Thermal infrared spectroscopy of Europa and Callisto
The trailing hemispheres of Europa and Callisto were observed at 9–13 μm, and a spectrum of Europa with better spectral resolution and a better signal-to-noise ratio than was previously possible has been derived. The ratio spectrum of the two satellites has a signal-to-noise ratio of approximately 30 for a spectral resolving power of approximately 50. The disk-integrated, effective color temperature ratio for the two satellites is consistent with broadband, thermal infrared photometry from previous ground-based studies and from the Galileo photopolarimeter radiometer. The ratio spectrum was combined with the average Voyager 1 spectrum of Callisto to obtain a 9–13 μm spectrum of Europa with a signal-to-noise ratio that is a factor of 10 better than that in the average Voyager spectrum of Europa. After convolving the measured spectrum to the expected width of water ice emissivity features, ∼1 μm, no spectral features that could be attributed to water ice on the surface of Europa are apparent at the 0.6–0.7% level. The absence of spectral features attributable to water ice is consistent with the proposal that the equatorial region of Europa that was observed may be composed primarily of a heavily hydrated mineral. The absence of water ice features may also be the result of a large fractional abundance of fine particles, such as that found on the surface of the Moon.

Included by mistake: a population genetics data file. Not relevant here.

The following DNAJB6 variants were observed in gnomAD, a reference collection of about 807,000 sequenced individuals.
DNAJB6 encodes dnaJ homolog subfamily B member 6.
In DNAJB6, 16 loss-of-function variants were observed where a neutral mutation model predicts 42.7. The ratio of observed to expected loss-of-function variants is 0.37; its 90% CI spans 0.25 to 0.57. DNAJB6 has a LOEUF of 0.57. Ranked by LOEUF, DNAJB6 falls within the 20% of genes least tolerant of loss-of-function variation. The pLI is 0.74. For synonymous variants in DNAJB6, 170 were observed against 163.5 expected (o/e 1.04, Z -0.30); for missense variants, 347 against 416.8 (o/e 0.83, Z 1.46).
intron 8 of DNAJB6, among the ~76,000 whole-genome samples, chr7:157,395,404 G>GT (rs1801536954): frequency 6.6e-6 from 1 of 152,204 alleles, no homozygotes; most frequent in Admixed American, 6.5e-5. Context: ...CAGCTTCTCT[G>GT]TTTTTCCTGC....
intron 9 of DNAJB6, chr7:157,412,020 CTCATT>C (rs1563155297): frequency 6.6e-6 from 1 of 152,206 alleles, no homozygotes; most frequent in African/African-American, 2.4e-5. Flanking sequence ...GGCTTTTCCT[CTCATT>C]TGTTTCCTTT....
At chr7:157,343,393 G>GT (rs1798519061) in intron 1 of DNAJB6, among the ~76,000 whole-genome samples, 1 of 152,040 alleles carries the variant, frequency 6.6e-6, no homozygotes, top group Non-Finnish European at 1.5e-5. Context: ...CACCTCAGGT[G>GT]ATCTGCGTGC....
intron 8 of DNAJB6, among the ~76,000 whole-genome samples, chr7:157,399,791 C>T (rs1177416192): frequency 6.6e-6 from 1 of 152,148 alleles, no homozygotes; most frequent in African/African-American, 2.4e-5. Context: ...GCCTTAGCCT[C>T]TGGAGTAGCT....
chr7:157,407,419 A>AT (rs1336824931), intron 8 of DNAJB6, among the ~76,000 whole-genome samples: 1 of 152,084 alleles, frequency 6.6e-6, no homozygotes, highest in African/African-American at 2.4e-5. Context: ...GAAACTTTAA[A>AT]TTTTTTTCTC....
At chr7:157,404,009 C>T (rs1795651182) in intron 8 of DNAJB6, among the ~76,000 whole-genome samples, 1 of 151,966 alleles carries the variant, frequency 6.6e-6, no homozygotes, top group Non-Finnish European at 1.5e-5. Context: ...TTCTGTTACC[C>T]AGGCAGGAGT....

Additional Information© 2000 American Geophysical Union. Received 17 August 1999; accepted 8 March 2000; published 1 June 2000. The observations described in this paper would not have been possible without the assistance of the Palomar Observatory staff and Tom Hayward. Helpful reviews of the manuscript were provided by Eric Gaidos, Gary Hansen, Jack Salisbury, John Spencer, and Albert Yen. Michael E. Brown is an Alfred P. Sloan Research Fellow. This is contribution 5766 from the Division of Geological and Planetary Sciences of the California Institute of Technology.
Published - 1999JE001163.pdf